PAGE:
Cagney actually never spoke that line famously attributed to him, but no matter. Millions of others have said it. Though rats are said to actually make very nice pets, most people find them repulsive. Mankind has fought a losing bat with the rat populations of the world since Time immemorial. Much human ingenuity over the centuries has been applied to traps and poisons to beat back the clever and highly adaptable rodents.
Rats and mice can be an interesting collecting topic, as images of them have long been ubiquitous in American culture . . . dressed up and and acting human-like, as targets for pesticides and traps, as cartoon characters, as cute critters on greeting cards.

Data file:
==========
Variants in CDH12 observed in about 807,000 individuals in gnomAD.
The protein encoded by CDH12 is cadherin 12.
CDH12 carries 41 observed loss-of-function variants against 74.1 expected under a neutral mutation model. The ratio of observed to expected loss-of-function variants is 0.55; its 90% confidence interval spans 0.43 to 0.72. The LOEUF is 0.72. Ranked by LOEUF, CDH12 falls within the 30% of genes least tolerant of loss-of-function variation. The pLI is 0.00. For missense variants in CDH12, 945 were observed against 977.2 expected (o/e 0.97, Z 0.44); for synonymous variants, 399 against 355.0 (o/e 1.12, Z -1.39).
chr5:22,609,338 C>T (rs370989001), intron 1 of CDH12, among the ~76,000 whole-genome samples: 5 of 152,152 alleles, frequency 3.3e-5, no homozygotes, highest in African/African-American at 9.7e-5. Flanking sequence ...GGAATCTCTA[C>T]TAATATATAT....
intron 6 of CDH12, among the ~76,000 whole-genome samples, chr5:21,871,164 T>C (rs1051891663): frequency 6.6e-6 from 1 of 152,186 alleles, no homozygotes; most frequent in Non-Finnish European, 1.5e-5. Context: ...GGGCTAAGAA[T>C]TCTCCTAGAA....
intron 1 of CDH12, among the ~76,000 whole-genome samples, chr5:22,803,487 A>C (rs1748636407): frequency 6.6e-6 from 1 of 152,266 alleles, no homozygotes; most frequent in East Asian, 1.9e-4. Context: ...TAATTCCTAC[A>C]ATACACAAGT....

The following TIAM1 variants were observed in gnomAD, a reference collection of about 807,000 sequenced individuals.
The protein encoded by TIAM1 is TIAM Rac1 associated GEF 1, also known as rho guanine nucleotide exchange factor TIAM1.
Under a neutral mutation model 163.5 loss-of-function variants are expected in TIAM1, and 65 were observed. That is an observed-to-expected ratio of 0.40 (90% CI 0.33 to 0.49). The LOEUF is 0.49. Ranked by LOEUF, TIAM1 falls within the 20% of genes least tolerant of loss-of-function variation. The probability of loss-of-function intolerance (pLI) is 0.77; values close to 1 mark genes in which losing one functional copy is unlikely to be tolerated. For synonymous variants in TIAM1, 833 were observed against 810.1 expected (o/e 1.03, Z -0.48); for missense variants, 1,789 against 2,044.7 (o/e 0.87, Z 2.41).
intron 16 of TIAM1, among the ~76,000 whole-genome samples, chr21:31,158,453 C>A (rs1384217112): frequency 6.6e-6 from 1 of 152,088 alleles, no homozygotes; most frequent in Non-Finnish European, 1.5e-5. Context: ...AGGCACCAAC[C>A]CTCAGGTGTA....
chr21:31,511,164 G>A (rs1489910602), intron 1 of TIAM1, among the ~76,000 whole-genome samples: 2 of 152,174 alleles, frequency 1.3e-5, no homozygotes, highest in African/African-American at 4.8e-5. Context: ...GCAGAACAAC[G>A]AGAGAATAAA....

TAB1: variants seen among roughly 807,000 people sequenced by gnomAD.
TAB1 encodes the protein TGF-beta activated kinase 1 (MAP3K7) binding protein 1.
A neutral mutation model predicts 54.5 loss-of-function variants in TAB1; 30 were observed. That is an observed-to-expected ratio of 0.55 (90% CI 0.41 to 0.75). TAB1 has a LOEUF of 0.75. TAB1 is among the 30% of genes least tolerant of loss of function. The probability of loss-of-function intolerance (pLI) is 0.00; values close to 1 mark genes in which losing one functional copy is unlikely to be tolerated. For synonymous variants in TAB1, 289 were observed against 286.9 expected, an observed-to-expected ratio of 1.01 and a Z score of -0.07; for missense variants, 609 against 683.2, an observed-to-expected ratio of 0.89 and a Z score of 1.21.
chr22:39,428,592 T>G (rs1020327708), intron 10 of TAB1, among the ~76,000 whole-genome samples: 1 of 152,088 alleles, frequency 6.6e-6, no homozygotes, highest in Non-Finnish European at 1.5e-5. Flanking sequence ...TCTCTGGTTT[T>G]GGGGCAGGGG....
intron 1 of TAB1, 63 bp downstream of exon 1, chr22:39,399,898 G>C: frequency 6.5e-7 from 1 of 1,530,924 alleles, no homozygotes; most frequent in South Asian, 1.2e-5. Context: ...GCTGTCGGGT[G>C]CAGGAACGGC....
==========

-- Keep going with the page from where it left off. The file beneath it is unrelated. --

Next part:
The Chinese have long been belittled by Westerners as “rat-eaters” and “dog-eaters”. Which, in fact, some are. Rodents and canines are consumed by humans in various parts of Asia, where protein is where you can find it. Rodents prepared there generally have fed off rice, not human garbage. In the USA, a widespread animosity toward immigrant Chinese developed in the mid- to late-1880s, after their critical role in our gold rush and railroad building days had been completed. The Chinese Exclusion Act, signed into law by Chester Arthur in 1882, mandated severe restrictions on any further Chinese immigration. Many, many examples of Victorian rancor toward Chinese in this country can be found. The expression “They (the Chinese) must go” was a phrase commonly encountered, here used to refer both to rats and to the Chinese . . .
Lyme, New Hampshire silkscreen artist Kate Holman turned cavorting rodents into a light-hearted greeting card (1980s) . . .